Dominic Massa / Eyewitness News
Bob French, a popular jazz drummer and former bandleader of the Original Tuxedo Jazz Band, who also hosted a freewheeling radio show on WWOZ, has died. He was 74.
French had been ailing in recent years, and retired after he was diagnosed with Alzheimer’s disease.
Prior to his retirement, French had been living in Musicians’ Village and remained active until his retirement, as a frequent performer in Frenchmen Street clubs and at Irvin Mayfield’s Jazz Playhouse in the Royal Sonesta.
"RIP Bob French," Mayfield tweeted on Monday afternoon.
French was a living, though often outspoken, link to New Orleans’ musical history, most notably in his work with the Original Tuxedo Jazz Band, which he led from 1977 until 2011.
On his WWOZ morning radio show, he could be irascible and unpredictable, often diverting from the music to discuss politics, chat with friends or rant about an issue that caught his attention. He also played whatever music struck his fancy, from Louis Armstrong to Dr. John.
"This show gives me the chance to play what I think is cool," French told Times-Picayune music writer Keith Spera in 2007. "Some people call and say, 'You're not playing any traditional jazz.' Well, it's my show. I can do whatever…I want.'"
Although French could be cantankerous, he had the respect of musicians who followed in his footsteps. In 2007, Branford Marsalis and Harry Connick Jr. performed with French on a tribute album. In 2010, French performed at the White House as a member of Connick’s band.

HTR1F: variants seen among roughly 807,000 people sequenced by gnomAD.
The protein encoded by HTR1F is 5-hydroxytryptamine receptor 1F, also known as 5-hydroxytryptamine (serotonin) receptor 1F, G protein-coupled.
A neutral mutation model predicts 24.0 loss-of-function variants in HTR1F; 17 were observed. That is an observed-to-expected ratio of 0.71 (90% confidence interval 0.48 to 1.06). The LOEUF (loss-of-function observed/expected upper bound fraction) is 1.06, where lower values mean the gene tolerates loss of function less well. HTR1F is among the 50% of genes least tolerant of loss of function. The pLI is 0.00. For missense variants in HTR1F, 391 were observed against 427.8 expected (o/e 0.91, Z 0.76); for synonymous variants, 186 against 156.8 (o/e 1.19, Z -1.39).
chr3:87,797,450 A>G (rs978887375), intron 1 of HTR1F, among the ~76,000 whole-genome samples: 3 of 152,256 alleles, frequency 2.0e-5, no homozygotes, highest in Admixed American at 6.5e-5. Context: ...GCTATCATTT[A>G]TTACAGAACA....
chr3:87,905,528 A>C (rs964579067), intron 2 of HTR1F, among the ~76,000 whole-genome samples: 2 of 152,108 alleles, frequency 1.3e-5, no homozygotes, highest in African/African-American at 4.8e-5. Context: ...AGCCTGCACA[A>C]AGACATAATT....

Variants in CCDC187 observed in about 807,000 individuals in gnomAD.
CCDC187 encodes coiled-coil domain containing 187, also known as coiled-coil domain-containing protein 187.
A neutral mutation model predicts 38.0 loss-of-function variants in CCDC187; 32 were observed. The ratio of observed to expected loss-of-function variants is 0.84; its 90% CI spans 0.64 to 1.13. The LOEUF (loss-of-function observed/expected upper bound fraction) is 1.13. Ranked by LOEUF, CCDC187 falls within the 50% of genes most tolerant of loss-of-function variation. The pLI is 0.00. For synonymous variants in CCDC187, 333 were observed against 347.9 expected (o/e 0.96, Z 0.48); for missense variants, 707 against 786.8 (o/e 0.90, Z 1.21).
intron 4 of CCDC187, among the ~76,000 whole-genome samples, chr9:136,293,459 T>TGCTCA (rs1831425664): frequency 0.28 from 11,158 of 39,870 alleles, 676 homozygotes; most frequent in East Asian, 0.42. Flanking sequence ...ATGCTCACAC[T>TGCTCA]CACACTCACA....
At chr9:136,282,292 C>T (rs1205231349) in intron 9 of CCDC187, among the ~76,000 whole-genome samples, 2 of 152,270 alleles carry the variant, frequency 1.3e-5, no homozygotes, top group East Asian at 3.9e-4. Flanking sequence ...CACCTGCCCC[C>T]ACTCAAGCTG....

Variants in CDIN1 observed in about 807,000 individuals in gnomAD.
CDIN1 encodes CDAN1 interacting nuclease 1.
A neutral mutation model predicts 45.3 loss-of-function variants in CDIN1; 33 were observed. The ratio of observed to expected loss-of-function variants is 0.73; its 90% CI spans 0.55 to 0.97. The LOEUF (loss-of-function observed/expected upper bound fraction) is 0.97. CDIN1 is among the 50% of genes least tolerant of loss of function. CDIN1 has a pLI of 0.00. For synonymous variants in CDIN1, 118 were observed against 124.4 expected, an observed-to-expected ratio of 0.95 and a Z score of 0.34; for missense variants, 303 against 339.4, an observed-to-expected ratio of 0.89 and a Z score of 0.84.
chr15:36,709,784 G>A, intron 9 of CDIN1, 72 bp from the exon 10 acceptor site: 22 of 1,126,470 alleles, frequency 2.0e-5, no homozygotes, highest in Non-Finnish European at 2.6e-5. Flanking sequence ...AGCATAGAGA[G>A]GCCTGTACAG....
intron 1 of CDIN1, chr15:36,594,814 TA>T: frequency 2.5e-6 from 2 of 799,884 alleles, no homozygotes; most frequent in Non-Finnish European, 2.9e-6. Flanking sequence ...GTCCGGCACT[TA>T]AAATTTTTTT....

Reaction from other musicians on Twitter showed his influence throughout the city.
"Rest in Peace to a New Orleans legend, Mr. Bob French," tweeted the Soul Rebels Brass Band. The Tuxedo Brass Band echoed that with a tweet saying, "R.I.P. Bob French gone but not forgotten thank you for everything!"
Last summer, after picking up a regular gig at Mayfield’s Bourbon Street club, French stepped down as leader of the Tuxedo Jazz Band due to his failing health.
The band, founded in 1910 by jazz great Oscar “Papa” Celestin, was later led by French’s father, banjo player Albert “Papa” French. Bob French’s nephew Gerald took over as the fifth bandleader of the group. Gerald's father, George French, who was Bob's brother, is also a well-known local jazz musician.
As a child, French took drumming lessons from Louis Barbarin and organized an R&B band in high school whose members included James Booker, Art Neville, Charles Neville, Kidd Jordan and Alvin Batiste.
In the 1960s, French recorded with Earl King, Fats Domino and Dave Bartholomew, who was a relative on his mother’s side.
Funeral arrangements are incomplete.